"One of the big challenges is where we build these hydrogen production facilities," said Caitlin Swalec, a steel analyst at US-based non-profit Global Energy Monitor. "It needs to happen in places that have that renewable energy capacity."
Capturing and storing carbon
Another option for steelmakers is to capture carbon coming out of steel plants and store it underground.
Carbon capture and storage (CCS) technologies involve catching pollutants before they escape into the atmosphere. But it is unclear what share of emissions CCS can capture from steel — or at what cost. The process is likely to be more expensive than in industries like cement because steel factories have multiple sources of pollution.
Still, a roadmap to meeting temperature targets from the IEA expects carbon capture to cover half of all steel production by 2050. That would free up hydrogen to be used in other processes that are hard to clean like shipping or fertilisers.
But to get there, analysts say, policymakers would need to incentivize CCS development by taxing emissions so traditional production methods reflect the societal cost of polluting. They would also need to fund research and pilot projects to increase CO2 capture rates.
"One of the reasons why we don't know answers to questions like capture rates or how would it work in a commercial scale is because steel companies haven't had to actually reduce their emissions," said Eadbhard Pernot from the Clean Air Task Force, one of the few environmental organisations calling for more investment in carbon capture technology.
What about recycling steel?
Analysts worry that steelmakers may use the promise of distant fixes to avoid acting now.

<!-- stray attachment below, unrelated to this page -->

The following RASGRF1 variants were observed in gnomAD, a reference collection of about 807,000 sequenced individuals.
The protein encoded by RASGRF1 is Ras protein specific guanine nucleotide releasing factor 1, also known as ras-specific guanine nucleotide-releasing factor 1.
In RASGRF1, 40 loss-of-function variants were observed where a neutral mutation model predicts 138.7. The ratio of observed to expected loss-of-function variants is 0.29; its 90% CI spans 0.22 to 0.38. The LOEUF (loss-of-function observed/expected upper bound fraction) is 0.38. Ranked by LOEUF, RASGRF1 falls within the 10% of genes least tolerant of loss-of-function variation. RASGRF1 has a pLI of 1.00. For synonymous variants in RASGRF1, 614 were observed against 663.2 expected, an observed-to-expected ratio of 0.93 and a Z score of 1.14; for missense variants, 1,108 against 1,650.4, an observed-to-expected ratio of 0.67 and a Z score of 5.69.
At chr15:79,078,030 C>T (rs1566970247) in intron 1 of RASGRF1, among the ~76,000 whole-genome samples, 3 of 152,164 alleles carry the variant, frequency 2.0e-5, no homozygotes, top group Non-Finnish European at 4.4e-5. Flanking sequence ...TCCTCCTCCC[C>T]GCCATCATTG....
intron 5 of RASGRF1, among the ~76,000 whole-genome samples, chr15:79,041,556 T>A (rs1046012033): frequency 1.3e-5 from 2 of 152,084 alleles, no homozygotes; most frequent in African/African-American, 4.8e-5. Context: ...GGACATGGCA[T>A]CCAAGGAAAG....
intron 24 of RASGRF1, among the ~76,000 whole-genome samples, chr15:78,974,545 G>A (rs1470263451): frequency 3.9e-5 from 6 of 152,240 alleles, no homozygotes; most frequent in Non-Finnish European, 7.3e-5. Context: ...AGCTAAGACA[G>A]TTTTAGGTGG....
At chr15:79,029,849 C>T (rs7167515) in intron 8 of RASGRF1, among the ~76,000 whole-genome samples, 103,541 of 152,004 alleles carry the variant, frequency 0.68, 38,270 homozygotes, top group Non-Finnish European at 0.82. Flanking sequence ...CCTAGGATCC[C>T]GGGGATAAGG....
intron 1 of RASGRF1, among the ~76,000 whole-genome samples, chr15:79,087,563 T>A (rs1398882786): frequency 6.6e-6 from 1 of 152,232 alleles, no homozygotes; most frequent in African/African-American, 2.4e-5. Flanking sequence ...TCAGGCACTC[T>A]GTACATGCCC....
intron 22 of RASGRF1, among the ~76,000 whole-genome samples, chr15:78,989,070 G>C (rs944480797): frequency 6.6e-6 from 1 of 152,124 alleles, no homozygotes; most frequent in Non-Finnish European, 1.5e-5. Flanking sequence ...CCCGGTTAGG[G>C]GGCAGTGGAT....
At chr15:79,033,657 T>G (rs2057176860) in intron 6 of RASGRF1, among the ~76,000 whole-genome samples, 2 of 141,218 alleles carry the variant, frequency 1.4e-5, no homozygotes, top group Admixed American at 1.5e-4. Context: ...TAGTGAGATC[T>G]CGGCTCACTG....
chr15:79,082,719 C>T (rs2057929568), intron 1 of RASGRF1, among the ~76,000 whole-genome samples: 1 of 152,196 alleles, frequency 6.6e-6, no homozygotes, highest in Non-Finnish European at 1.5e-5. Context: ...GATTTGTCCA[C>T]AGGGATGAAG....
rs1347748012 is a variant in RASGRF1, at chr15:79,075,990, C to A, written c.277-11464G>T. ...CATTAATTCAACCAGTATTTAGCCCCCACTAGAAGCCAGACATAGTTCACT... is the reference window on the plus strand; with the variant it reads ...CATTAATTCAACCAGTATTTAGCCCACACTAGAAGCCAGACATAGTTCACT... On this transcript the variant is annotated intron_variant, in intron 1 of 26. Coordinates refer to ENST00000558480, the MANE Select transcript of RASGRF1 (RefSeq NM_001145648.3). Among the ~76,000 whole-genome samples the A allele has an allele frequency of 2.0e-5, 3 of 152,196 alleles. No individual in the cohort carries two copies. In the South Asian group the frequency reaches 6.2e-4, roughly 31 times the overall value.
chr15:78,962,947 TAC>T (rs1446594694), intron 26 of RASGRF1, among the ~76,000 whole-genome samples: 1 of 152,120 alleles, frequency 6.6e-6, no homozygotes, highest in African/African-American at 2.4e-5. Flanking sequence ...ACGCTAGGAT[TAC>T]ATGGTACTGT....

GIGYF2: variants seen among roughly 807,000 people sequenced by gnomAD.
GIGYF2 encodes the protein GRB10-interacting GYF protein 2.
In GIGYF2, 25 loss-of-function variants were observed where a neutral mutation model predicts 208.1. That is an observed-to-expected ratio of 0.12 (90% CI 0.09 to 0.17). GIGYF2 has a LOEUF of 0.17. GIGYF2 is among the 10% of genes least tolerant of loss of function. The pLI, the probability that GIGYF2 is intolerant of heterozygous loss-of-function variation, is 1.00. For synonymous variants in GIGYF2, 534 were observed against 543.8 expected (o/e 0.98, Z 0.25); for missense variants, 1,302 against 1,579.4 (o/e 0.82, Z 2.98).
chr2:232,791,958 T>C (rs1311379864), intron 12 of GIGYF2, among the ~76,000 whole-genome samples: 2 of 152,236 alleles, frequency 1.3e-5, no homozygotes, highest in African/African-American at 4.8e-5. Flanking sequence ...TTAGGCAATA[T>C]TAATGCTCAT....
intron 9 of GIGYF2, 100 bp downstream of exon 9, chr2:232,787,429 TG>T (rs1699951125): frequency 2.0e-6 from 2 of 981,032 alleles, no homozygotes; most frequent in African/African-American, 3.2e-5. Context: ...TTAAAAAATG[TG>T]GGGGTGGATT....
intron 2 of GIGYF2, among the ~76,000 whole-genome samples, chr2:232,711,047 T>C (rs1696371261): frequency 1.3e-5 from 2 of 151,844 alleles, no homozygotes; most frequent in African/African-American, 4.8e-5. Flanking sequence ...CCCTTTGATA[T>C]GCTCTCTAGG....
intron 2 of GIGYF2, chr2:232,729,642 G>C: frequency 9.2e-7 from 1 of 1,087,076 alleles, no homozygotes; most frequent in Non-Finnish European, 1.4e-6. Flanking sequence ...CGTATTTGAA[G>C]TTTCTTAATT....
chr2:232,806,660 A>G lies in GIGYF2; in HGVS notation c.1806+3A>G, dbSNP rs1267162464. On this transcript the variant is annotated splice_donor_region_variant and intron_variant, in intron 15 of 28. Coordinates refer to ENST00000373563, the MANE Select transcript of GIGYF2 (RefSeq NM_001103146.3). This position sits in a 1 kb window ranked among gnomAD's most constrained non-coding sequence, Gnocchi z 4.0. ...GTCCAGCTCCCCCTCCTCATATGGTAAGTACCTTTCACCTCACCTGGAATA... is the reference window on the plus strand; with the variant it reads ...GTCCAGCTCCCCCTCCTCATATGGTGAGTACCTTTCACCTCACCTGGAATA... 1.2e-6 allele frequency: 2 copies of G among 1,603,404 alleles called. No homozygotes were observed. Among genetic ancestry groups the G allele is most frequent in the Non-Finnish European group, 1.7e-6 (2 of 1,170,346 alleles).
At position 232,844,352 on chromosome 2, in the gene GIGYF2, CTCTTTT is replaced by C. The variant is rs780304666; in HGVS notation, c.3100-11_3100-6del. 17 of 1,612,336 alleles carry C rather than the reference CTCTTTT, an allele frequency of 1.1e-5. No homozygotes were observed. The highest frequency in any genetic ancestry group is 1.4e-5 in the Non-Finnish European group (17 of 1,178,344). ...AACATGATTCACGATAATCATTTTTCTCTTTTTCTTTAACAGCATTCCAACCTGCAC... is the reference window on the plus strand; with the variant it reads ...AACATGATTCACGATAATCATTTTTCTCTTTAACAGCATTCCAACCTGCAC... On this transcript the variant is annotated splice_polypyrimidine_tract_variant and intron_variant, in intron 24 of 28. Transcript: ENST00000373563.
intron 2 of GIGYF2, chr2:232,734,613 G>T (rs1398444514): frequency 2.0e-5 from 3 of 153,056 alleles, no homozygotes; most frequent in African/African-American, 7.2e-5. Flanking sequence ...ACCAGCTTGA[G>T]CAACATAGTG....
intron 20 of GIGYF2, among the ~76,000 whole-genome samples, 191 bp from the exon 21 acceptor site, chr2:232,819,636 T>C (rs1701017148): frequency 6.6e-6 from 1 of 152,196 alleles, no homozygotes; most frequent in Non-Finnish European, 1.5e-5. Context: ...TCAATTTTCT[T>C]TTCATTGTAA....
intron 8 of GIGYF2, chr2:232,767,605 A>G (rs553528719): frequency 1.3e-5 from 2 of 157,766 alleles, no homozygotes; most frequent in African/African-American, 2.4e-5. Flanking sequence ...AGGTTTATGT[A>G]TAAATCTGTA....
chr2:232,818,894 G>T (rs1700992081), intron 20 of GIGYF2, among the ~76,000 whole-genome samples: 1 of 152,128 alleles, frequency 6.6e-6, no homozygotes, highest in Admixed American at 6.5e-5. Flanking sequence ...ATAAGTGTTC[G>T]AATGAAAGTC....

If steelmakers stick to blast furnaces but CCS does not quickly become cheap or efficient, the coal they burn will keep polluting the atmosphere. If they build direct-reduced iron plants
and there is not enough green hydrogen, they will keep using fossil gas to purify iron ore.
"It's quite a big risk," said Khandekar. "Companies can't be left alone to take the decisions on their own."
To buy more time, society could use steel more carefully. More than a quarter of steel is already made with recycled scrap. There are limits to how often steel can go through this process — impurities like nickel and copper can sneak in and weaken the metal. But increasing recycling rates would reduce the amount of iron that needs to be purified.
What's more, the IEA says using steel more efficiently could shave 20% off demand by 2050. Governments could use less of it in public projects, maintain infrastructure for longer and update national building codes to be less wasteful. They could regulate carmakers to build lighter cars instead of heavy SUVs.
"We're not going to get completely away from it and we're never going to reach 100% recycling rates," said Swalec. "But we can certainly do much better."
Ajit Niranjan is an Environment and Globalisation Reporter at Deutsche Welle
Disclaimer: This article first appeared on Deutsche Welle and is published by special syndication arrangement.